Day two after the increasingly irrelevant, non-binding Iowa caucus and much has happened in the intervening hours. But first let’s unpack the actual vote. That part was at least interesting, if for nothing else, because the media punditry was forced to wait until the very last vote was counted before they could call the race and tell us all what it really means. Not that they really know what it all means, but they do love to hear themselves tell it.
I fell asleep thinking my silly prediction was going to come true. Only missed by the paltry eight votes that put Romney in first place. Close enough to call it a tie with Santorum. Indeed, I’m giving Santorum the technical win. For one thing, he only spent dollars per vote as opposed to Romney who spent hundreds. And Santorum comes out of Iowa with the “It” factor, having risen out of literally nowhere while Romney, who has effectively been campaigning for the nomination for years, didn’t even meet the same total of votes he made in his last failed attempt.
Nonetheless, establishment Republicans are nervously proclaiming Mitt the heir apparent as he heads into his friendliest territory of New Hampshire. But it seems like wishful thinking to me. For one thing, the real winner in practical terms may have been Ron Paul, who has been at this rodeo before. He appears to be the only one who coached his team to hang around the caucuses for the delegate voting and got a strong contingent of his supporters elected to the convention for the real vote that will matter. Ron Paul also has a strong base of support in New Hampshire and a big bucket of money to take him all the way to the very end of the race.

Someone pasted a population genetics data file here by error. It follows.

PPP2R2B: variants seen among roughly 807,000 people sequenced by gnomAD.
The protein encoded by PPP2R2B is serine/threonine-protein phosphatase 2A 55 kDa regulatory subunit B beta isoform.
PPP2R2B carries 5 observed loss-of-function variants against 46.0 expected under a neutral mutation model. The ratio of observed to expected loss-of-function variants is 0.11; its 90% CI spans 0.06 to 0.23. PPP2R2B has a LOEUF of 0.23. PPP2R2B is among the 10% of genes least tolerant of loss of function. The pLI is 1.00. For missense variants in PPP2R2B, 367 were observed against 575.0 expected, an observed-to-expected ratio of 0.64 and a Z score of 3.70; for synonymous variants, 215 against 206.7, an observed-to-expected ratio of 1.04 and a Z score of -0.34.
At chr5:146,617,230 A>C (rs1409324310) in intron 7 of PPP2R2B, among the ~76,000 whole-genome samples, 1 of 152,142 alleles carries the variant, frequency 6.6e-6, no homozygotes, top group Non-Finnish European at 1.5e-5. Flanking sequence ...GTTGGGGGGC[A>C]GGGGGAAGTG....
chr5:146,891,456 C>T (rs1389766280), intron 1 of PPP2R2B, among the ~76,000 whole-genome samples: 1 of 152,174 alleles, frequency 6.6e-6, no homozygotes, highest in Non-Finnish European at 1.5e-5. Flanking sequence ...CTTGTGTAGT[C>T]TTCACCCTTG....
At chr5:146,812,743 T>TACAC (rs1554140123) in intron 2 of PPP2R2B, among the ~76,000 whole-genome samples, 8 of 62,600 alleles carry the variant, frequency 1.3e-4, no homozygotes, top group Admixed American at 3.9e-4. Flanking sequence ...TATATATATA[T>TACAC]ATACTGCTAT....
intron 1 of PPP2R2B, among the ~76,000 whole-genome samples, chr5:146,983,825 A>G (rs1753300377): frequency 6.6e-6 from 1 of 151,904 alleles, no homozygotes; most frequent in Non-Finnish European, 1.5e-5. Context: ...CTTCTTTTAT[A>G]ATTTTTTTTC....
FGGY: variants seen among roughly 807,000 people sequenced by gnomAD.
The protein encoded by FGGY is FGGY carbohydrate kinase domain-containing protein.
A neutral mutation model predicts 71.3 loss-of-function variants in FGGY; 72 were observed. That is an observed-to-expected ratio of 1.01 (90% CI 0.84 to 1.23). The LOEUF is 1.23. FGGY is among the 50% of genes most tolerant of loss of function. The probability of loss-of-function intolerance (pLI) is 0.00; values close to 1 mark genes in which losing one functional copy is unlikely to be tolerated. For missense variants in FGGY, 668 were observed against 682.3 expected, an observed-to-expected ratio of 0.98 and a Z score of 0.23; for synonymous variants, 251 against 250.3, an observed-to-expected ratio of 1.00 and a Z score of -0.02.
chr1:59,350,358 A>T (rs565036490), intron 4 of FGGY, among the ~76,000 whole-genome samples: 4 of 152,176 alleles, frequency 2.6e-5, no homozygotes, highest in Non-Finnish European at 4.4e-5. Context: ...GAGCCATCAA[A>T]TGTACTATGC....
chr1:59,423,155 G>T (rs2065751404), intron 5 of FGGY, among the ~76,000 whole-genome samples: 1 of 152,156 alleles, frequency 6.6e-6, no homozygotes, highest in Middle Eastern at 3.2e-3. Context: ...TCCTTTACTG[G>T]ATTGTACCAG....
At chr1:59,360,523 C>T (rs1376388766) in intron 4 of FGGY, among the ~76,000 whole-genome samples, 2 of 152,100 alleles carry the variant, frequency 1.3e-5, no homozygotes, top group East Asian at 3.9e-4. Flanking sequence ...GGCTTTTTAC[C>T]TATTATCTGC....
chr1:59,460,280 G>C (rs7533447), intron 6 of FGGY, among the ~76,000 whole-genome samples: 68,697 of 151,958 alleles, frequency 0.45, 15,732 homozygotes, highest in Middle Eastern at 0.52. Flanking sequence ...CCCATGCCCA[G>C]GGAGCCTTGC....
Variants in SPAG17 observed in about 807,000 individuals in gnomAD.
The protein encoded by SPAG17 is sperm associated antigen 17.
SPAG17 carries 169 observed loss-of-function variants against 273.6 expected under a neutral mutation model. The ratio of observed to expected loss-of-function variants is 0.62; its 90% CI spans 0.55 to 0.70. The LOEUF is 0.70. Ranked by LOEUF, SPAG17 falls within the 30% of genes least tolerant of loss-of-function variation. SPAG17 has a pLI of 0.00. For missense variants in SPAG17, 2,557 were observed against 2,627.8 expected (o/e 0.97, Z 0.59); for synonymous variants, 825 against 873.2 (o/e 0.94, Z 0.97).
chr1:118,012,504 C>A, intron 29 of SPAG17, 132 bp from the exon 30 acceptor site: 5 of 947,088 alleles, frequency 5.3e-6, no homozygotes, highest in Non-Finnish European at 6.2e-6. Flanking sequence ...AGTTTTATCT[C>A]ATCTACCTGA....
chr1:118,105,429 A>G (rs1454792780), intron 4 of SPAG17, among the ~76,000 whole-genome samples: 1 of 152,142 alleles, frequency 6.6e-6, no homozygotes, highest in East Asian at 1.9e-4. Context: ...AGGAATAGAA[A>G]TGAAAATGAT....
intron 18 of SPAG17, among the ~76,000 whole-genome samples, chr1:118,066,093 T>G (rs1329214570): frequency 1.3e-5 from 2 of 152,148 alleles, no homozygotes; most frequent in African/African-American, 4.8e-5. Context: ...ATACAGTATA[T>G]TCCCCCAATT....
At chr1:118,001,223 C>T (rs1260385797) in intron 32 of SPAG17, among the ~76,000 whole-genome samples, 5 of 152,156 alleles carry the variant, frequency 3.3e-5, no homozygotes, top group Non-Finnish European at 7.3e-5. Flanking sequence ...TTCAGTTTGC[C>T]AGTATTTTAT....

Mitt’s other problem is, while the media pundits are mostly on his side, the hard core conservative faction of the GOP is still very much in “Anyone but Romney” mode. Much angst and shirt rending on the fringes over how to stop his momentum. And after a romp through the friendly ranks in New Hampshire, Mitt still has to head south to the strongholds of the Tea Party cons.
That no doubt explains why Rick Perry, after taking a day off to sulk over his poor showing, announced yesterday on twitter, he’s still in it to win it and he’s heading to South Carolina where they might just still show some love for a swaggering Texan. And it helps him that Santorum has no organization and no money outside of Iowa. By they time they get there, that Rick might find himself on the downhill side of the GOP primary rollercoaster ride. Personally I think it’s likely Santorum will wilt quickly under the hot lights of media spotlight that shines on any frontrunner of the month.
So in the end, all Iowa accomplished was to weed out one candidate, poor Michele Bachmann whose star rose too high, too soon and fizzled out so fast. Meanwhile, no matter what the pundits are telling you, I saw three different media website polls, in three distinctly different areas of the country this morning asking if Romney has a lock on the nomination. The answer was a resounding no, by margins of about two to one. 2012 is going to be a very long year in politics. [graphic credit]